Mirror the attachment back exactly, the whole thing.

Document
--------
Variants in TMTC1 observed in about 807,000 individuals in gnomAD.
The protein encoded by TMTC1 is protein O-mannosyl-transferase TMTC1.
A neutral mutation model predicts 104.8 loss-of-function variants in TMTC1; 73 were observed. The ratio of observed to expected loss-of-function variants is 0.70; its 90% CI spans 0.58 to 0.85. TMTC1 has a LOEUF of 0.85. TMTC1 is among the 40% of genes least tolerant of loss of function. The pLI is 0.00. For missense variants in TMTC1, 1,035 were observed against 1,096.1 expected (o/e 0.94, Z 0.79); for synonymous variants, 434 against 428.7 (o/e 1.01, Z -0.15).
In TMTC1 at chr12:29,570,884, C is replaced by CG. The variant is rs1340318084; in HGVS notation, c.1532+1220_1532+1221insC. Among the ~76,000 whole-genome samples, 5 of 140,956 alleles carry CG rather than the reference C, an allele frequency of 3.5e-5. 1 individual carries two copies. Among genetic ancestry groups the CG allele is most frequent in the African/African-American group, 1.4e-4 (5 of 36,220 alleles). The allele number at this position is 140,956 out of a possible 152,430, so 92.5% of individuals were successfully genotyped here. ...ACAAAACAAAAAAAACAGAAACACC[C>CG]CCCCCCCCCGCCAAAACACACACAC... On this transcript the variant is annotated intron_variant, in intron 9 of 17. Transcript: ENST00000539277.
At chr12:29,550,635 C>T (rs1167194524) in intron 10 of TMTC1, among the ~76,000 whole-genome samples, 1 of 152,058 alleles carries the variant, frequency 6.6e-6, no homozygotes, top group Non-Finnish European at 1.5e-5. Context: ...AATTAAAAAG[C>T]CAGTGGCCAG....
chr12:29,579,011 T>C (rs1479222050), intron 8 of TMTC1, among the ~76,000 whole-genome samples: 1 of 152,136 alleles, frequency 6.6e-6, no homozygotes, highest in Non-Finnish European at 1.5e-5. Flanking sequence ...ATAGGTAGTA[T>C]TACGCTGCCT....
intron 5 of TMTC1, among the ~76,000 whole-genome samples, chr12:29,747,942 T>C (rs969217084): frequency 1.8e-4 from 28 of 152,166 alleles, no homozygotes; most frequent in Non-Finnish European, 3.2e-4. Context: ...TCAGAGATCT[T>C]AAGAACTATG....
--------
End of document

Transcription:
Variants in TMTC1 observed in about 807,000 individuals in gnomAD.
The protein encoded by TMTC1 is protein O-mannosyl-transferase TMTC1.
A neutral mutation model predicts 104.8 loss-of-function variants in TMTC1; 73 were observed. The ratio of observed to expected loss-of-function variants is 0.70; its 90% CI spans 0.58 to 0.85. TMTC1 has a LOEUF of 0.85. TMTC1 is among the 40% of genes least tolerant of loss of function. The pLI is 0.00. For missense variants in TMTC1, 1,035 were observed against 1,096.1 expected (o/e 0.94, Z 0.79); for synonymous variants, 434 against 428.7 (o/e 1.01, Z -0.15).
In TMTC1 at chr12:29,570,884, C is replaced by CG. The variant is rs1340318084; in HGVS notation, c.1532+1220_1532+1221insC. Among the ~76,000 whole-genome samples, 5 of 140,956 alleles carry CG rather than the reference C, an allele frequency of 3.5e-5. 1 individual carries two copies. Among genetic ancestry groups the CG allele is most frequent in the African/African-American group, 1.4e-4 (5 of 36,220 alleles). The allele number at this position is 140,956 out of a possible 152,430, so 92.5% of individuals were successfully genotyped here. ...ACAAAACAAAAAAAACAGAAACACC[C>CG]CCCCCCCCCGCCAAAACACACACAC... On this transcript the variant is annotated intron_variant, in intron 9 of 17. Transcript: ENST00000539277.
At chr12:29,550,635 C>T (rs1167194524) in intron 10 of TMTC1, among the ~76,000 whole-genome samples, 1 of 152,058 alleles carries the variant, frequency 6.6e-6, no homozygotes, top group Non-Finnish European at 1.5e-5. Context: ...AATTAAAAAG[C>T]CAGTGGCCAG....
chr12:29,579,011 T>C (rs1479222050), intron 8 of TMTC1, among the ~76,000 whole-genome samples: 1 of 152,136 alleles, frequency 6.6e-6, no homozygotes, highest in Non-Finnish European at 1.5e-5. Flanking sequence ...ATAGGTAGTA[T>C]TACGCTGCCT....
intron 5 of TMTC1, among the ~76,000 whole-genome samples, chr12:29,747,942 T>C (rs969217084): frequency 1.8e-4 from 28 of 152,166 alleles, no homozygotes; most frequent in Non-Finnish European, 3.2e-4. Context: ...TCAGAGATCT[T>C]AAGAACTATG....